And stepping beyond the strictly legal requirements, how should a committed Zionist, in Israel or the Diaspora, respond to Israel’s treatment of asylum seekers? For those of us dedicated to Zionism, the World Zionist Organization’s Jerusalem Program contains our central articles of faith. The Jerusalem Program declares the goal of “strengthening Israel as a Jewish, Zionist and democratic state and shaping it as an exemplary society … rooted in the vision of the prophets, striving for peace and contributing to the betterment of the world.”
As Jews and as Zionists the central principle of welcoming the stranger is derived from Torah, “thou shall not oppress the stranger, for you know the soul of the stranger, having yourselves been strangers in the land of Egypt,” (Exodus 23:9) and from a history of wandering in search of a safe haven from persecution. Israel has been a refuge for generations of Jews, fulfilling the particular calling of Zionism.
But Zionism also has essential universalist goals that are undermined when Israel turns its back on Eritreans, Sudanese and others who have come to the Jewish state seeking protection. To be an “exemplary society” Israel cannot leave tens of thousands of asylum seekers in legal limbo, deny them authorization to work and separate families through indefinite detention.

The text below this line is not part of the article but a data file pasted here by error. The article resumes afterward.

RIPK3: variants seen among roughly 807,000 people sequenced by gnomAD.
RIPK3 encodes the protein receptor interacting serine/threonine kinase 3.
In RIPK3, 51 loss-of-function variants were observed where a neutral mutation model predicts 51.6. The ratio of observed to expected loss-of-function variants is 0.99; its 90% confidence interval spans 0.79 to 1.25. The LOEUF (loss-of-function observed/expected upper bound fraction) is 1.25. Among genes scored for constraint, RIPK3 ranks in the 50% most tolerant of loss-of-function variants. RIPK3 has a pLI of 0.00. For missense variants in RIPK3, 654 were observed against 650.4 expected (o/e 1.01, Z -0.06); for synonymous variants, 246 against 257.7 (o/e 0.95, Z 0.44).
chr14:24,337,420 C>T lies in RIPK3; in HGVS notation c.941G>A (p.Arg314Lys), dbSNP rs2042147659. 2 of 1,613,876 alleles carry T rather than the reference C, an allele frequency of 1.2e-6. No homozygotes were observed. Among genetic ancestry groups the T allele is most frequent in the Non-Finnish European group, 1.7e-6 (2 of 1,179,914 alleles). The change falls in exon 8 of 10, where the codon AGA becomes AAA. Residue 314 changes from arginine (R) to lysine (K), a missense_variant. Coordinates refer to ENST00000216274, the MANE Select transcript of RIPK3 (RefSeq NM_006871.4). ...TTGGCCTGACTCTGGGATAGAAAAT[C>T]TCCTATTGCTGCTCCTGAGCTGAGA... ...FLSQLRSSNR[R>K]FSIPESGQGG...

And the argument that caring for the asylum seekers threatens Israel’s very existence as a Jewish state is the ultimate red herring. The just over 50,000 asylum seekers is now a stable population due to the completion of a fence on Israel’s border and is not required to be granted either citizenship or indefinite status. Moreover, this number is dwarfed by the nearly 200,000 legal and illegal migrant workers and tourists without valid status, not to mention the 4.4 million Palestinians in the West Bank, Gaza and East Jerusalem who would be incorporated into Israel if a two-state solution isn’t reached with the Palestinians.
Finally, some in Israel have argued that concern for asylum seekers is a form of Diaspora myopia where refugee issues in Israel are viewed through the lens of Jewish engagement with refugees in the United States, Australia and elsewhere. But in Israel a vibrant NGO community has developed and new political leaders such as Stav Shaffir of the Labor Party have called out the government for its treatment of asylum seekers, declaring, “The serious fact is that we are not dealing with this situation. … Israel has no policy with asylum. It has never started the interviews to check who really deserves refugee status.”
And so we watch with dismay as Israel careens from protest to protest ultimately failing to meet its national and international obligations or to fulfill the core values of Judaism and Zionism. Israel, and all who labor on her behalf, must face up to this challenge and help turn the page where Israel will take its place as an exemplar of just policy toward asylum seekers and in so doing, truly “contribute to the betterment of the world.”
(Gideon Aronoff is chief executive officer of Ameinu, a North American organization of progressive Zionists.)